What is an Asphyxiant?

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  • Written By: Mary McMahon
  • Edited By: Bronwyn Harris
  • Last Modified Date: 15 August 2019
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An asphyxiant is an agent or event which induces asphyxia, also known as suffocation. Asphyxiation can be extremely dangerous, as lack of oxygen will kill most animals within minutes. Even if asphyxiation doesn't kill, it can result in severe brain damage. Therefore, asphyxiants are an issue of concern. Since asphyxiants can take a number of forms, it is an excellent idea to get acquainted with basic safety procedures which are designed to decrease the risk of asphyxia, ranging from learning to swim to using proper ventilation in laboratories.

Most people are familiar with an asphyxiant in the form of a event, like drowning or choking to death. In both of these cases, the asphyxiant renders the body unable to intake oxygen, leading to oxygen starvation. If the victim is removed from the asphyxiating circumstances, he or she should recover very quickly, as neither incident has health effects beyond asphyxiation.

In another sense, an asphyxiant can interfere with the body's ability to process and deliver oxygen. Carbon monoxide is an asphyxiant which acts in this way, by binding to the red blood cells of the body so that they cannot pass needed oxygen onto the rest of the body. In this case, the patient may need to be given pure oxygen or other treatments to force the carbon monoxide out of the blood, allowing him or her to recover normal oxygen circulation.


An asphyxiant can also cause suffocation by displacing oxygen in the environment. This type of asphyxiant takes the form of a gas such as helium, nitrogen, or argon. On their own and in small amounts, these gases are not harmful; in fact, you're breathing these gases right now. However, when concentrations of these gases get too high, they dilute oxygen levels to a dangerously low amount, and this will lead to asphyxiation.

Asphyxiant gases are a major issue because many of them are largely inert, and they are also odorless and colorless. Therefore, people may not be aware that they are in danger until it is too late. When working with asphyxiant gases, a well ventilated workspace is essential. This is especially true with liquid nitrogen, which will rapidly convert to gaseous nitrogen, overwhelming an environment very quickly. Excessive amounts of nitrogen will produce an oxygen-poor environment close to the ground, so if someone becomes unconscious and falls to the ground, his or her condition will rapidly get worse.


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Post 3

Carbon monoxide is usually the first thing that pops in my mind when I hear "asphyxiant" also. But I just read a really disturbing article in the New York Times a few days ago about people who are committing suicide with homemade asphyxiants.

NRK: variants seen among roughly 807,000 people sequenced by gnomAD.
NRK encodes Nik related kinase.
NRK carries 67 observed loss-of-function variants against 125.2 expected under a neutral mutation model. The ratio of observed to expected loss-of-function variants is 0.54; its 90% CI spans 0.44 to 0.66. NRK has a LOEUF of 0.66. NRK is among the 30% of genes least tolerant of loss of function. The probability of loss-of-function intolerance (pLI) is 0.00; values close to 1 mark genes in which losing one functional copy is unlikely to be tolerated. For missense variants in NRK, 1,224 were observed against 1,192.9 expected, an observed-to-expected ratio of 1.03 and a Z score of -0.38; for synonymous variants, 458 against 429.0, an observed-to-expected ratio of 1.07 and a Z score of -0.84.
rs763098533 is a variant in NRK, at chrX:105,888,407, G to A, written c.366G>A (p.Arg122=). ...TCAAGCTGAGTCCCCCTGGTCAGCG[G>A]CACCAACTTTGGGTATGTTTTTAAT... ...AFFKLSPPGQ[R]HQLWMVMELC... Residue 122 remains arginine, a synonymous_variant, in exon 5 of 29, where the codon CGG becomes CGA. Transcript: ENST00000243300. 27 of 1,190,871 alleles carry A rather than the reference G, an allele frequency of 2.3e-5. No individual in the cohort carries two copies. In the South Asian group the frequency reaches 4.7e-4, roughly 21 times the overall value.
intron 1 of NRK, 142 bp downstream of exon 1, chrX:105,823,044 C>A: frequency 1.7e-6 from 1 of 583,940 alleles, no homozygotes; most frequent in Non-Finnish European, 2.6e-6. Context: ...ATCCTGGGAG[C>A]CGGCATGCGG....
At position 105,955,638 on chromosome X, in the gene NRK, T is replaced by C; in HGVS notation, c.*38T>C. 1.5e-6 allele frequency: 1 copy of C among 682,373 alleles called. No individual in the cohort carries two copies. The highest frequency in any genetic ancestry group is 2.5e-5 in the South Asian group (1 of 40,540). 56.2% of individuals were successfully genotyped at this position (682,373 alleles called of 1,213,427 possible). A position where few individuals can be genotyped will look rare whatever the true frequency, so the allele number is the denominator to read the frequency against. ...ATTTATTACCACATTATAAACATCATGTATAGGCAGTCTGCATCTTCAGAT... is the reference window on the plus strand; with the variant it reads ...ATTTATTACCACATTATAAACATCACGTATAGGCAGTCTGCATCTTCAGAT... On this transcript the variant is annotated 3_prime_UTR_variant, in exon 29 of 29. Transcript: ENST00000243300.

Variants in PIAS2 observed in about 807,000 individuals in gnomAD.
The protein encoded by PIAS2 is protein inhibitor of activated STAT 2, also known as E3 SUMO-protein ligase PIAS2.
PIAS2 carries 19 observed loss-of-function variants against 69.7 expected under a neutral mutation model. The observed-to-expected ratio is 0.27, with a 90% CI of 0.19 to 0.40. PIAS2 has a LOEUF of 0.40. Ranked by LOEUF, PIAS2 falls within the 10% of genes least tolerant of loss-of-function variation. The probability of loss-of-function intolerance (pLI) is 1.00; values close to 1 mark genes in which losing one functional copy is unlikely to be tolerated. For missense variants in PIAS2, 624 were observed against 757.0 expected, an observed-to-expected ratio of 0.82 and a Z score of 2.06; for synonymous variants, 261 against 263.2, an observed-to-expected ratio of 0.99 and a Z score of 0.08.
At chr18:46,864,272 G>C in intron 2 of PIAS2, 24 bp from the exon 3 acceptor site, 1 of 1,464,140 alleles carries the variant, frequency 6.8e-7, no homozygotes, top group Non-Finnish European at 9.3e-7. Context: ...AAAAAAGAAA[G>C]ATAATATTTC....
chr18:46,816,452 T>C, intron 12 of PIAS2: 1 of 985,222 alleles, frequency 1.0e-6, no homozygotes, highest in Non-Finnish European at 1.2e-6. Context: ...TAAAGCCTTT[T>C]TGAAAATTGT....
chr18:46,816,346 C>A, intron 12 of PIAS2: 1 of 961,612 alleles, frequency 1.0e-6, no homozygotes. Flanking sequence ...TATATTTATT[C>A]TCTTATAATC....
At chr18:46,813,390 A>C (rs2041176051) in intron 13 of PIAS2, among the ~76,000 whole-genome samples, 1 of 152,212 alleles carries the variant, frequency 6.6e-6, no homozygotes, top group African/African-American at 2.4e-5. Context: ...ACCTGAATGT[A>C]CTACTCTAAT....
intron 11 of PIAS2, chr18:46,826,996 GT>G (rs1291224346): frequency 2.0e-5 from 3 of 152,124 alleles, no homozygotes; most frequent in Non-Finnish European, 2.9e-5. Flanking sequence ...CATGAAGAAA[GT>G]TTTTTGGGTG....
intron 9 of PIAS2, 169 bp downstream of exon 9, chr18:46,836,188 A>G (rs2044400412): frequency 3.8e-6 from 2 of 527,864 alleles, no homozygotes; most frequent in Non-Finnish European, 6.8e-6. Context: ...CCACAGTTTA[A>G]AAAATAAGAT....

Apparently the instructions are posted online, which in itself is a little bit upsetting. Even worse, the gas can spread and harm other people in the area who don't have any desire to commit suicide. Also several rescue workers have been injured in asphyxiant gas related suicides.

I really think people posting those kind of instructions online should be held criminally liable. Suicidal people need help not instructions on how to kill themselves.

Post 2

@indemnifyme - Oh wow. I'm glad your friend and his neighbors were all OK. Ever since I moved out on my own my Mom drilled the importance of having a carbon monoxide detector into my head.

I thought she was being a little over dramatic about it but after I did a little bit of research I found out that around a hundred people die from carbon monoxide poisoning every year in the United States! So I always make sure to have a working carbon monoxide detector in my home.

Post 1

Asphyxiants are so scary. I actually have a good friend who almost died from carbon monoxide poisoning in his apartment building years ago.

He and his wife both got really sick with what they thought was a really bad flu one day. However when my friend left the apartment to go get something out of their car they happened to run into another neighbor that had the same symptoms they did.

My friend remembered the symptoms of carbon monoxide poisoning and started going door to door to see if anyone else was ill. Eventually he was able to get everyone out of the building and emergency medical services were called to treat them all.

After my friend told me this story I went out and bought a carbon monoxide detector the same day. I urge everyone else to do the same!

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